Latin America & Caribbean

Mexico indigenous people: Pope Francis asks for forgiveness

Pope Francis waves at the crowd as he arrives for a meeting with families at the Victor Manuel Reyna stadium in Tuxtla Gutierrez, Chiapas state (15 February 2016) Image copyright AFP
Image caption The Pope's visit to Chiapas is part of an intense, five-day trip that he has used to speak out against crime and corruption

Pope Francis has asked Mexican indigenous people in Chiapas state for forgiveness over they way they have been excluded from society.

He made his appeal while celebrating Mass in three native languages after a new Vatican decree approved their use.

The Pope also used the open-air service in San Cristobal de las Casas to warn about threats to the environment.

Throughout his five-day trip he has condemned the evils of forced emigration and drugs.

He has urged Mexico's leaders to provide "true justice" to suffering citizens.

Image copyright AFP
Image caption The Pope said that indigenous people had suffered from decades of discrimination
Image copyright Alamy
Image caption Thousands of people attended an open-air Mass in the Victor Manuel Reyna stadium on Monday
Image copyright AFP
Image caption Pope Francis paid tribute to the deep appreciation of nature by indigenous people

But on Monday he drew attention to the suffering of indigenous people in his address in Chiapas state.

"On many occasions, in a systematic and organised way, your people have been misunderstood and excluded from society," the 79-year-old pontiff said after citing Popol Vuh, an ancient Mayan text.

"Some have considered your values, culture and traditions to be inferior. Others, intoxicated by power, money and market trends, have stolen your lands or contaminated them. How sad this is," he said.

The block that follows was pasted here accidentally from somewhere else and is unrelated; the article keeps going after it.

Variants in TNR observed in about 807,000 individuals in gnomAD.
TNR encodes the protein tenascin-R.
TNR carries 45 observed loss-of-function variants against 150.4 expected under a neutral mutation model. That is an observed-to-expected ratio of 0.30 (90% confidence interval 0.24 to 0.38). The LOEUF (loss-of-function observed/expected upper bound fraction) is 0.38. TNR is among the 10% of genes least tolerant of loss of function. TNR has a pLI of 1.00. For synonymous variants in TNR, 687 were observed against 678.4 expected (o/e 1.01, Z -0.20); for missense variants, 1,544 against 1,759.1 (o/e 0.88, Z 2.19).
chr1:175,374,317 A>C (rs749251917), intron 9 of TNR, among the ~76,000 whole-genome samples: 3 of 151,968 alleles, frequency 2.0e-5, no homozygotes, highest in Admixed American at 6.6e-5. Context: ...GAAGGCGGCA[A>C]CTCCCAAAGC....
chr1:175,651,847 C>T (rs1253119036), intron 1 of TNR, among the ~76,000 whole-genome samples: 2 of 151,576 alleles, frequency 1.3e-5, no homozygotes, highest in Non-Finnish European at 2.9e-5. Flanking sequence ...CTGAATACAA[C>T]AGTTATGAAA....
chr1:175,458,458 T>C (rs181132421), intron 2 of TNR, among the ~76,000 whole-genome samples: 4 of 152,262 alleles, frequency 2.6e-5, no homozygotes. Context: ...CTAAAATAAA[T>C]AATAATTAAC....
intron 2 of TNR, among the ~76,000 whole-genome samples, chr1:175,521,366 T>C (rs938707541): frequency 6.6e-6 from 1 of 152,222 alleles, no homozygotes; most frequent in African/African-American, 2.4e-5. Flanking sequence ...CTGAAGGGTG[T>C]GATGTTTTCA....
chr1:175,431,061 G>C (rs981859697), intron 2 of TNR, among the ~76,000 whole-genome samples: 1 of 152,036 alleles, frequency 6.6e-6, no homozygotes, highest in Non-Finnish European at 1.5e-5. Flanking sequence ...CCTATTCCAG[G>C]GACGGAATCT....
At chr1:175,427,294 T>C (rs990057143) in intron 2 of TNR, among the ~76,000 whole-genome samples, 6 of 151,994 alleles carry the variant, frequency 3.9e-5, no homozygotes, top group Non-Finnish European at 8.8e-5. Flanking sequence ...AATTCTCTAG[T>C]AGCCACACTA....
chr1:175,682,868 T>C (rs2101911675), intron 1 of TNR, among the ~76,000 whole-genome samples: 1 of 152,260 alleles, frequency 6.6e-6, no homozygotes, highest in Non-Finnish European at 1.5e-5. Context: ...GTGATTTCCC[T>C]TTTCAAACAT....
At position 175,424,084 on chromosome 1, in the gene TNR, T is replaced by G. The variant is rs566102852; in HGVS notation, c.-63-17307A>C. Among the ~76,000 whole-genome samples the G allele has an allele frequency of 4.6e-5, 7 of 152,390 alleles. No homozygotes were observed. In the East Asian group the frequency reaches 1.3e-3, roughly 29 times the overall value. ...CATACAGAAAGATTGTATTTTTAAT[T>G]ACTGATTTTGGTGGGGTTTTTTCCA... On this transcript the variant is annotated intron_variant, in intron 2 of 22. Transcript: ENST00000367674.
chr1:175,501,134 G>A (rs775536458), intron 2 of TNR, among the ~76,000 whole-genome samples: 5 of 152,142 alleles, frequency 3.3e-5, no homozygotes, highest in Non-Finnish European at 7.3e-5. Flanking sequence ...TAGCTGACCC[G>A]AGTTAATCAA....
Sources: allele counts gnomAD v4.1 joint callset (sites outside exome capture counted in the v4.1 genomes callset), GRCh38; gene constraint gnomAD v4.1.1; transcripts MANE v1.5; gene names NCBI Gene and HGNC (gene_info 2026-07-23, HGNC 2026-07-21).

"How worthwhile it would be for each of us to examine our conscience and learn to say, 'Forgive me!'"

Image copyright AP
Image caption While Mexico is the world's second most populous Catholic nation after Brazil, only 58% are loyal to the Vatican in Chiapas

Correspondents say that while Chiapas is the country's least Roman Catholic state, tens of thousands of people attended an open-air Mass in a sports field in San Cristobal de las Casas.

Women wore colourfully embroidered dresses to deliver biblical readings and hymns in the Chol, Tzotzil and Tzeltal languages.

The pontiff highlighted the deep appreciation of indigenous people for nature and said their community had much to teach the rest of the world.

He also highlighted the need to care for the environment.

"We can no longer remain silent before one of the greatest environmental crises in world history," he said,

While Mexico is the world's second most populous Catholic nation after Brazil, only 58% are loyal to the Vatican in Chiapas in comparison to 82% in the rest of the country.

Mexicans hope papal visit brings change

On Tuesday, the Pope heads to the capital of the western state of Michoacan, a region scarred by drug violence.

The Pope concludes his five-day trip in Ciudad Juarez on the US border, a city which has also been blighted by drug-related murders. A Mass there will highlight the plight of migrants.

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